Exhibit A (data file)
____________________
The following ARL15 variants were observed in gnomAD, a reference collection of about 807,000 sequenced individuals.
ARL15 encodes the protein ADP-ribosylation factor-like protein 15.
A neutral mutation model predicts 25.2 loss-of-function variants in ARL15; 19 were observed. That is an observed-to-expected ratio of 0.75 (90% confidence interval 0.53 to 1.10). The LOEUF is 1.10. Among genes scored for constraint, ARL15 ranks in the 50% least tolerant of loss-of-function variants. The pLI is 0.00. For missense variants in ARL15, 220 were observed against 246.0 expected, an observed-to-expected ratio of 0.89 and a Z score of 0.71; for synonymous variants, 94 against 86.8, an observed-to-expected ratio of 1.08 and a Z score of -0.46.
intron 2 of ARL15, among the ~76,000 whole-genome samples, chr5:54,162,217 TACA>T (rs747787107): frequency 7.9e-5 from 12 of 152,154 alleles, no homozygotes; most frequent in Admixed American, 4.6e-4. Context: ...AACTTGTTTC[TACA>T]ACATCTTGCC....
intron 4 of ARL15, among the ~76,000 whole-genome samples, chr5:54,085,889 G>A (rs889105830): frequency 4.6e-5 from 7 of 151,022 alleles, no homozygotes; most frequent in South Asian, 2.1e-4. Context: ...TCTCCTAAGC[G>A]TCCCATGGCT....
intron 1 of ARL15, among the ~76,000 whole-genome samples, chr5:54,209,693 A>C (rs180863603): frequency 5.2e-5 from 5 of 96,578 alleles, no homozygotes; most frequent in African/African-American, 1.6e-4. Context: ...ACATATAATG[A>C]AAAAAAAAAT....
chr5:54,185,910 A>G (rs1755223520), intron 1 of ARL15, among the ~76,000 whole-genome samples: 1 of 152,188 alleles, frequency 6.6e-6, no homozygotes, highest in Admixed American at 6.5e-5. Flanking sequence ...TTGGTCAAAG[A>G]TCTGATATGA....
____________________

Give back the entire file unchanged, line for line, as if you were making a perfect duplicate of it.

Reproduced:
The following ARL15 variants were observed in gnomAD, a reference collection of about 807,000 sequenced individuals.
ARL15 encodes the protein ADP-ribosylation factor-like protein 15.
A neutral mutation model predicts 25.2 loss-of-function variants in ARL15; 19 were observed. That is an observed-to-expected ratio of 0.75 (90% confidence interval 0.53 to 1.10). The LOEUF is 1.10. Among genes scored for constraint, ARL15 ranks in the 50% least tolerant of loss-of-function variants. The pLI is 0.00. For missense variants in ARL15, 220 were observed against 246.0 expected, an observed-to-expected ratio of 0.89 and a Z score of 0.71; for synonymous variants, 94 against 86.8, an observed-to-expected ratio of 1.08 and a Z score of -0.46.
intron 2 of ARL15, among the ~76,000 whole-genome samples, chr5:54,162,217 TACA>T (rs747787107): frequency 7.9e-5 from 12 of 152,154 alleles, no homozygotes; most frequent in Admixed American, 4.6e-4. Context: ...AACTTGTTTC[TACA>T]ACATCTTGCC....
intron 4 of ARL15, among the ~76,000 whole-genome samples, chr5:54,085,889 G>A (rs889105830): frequency 4.6e-5 from 7 of 151,022 alleles, no homozygotes; most frequent in South Asian, 2.1e-4. Context: ...TCTCCTAAGC[G>A]TCCCATGGCT....
intron 1 of ARL15, among the ~76,000 whole-genome samples, chr5:54,209,693 A>C (rs180863603): frequency 5.2e-5 from 5 of 96,578 alleles, no homozygotes; most frequent in African/African-American, 1.6e-4. Context: ...ACATATAATG[A>C]AAAAAAAAAT....
chr5:54,185,910 A>G (rs1755223520), intron 1 of ARL15, among the ~76,000 whole-genome samples: 1 of 152,188 alleles, frequency 6.6e-6, no homozygotes, highest in Admixed American at 6.5e-5. Flanking sequence ...TTGGTCAAAG[A>G]TCTGATATGA....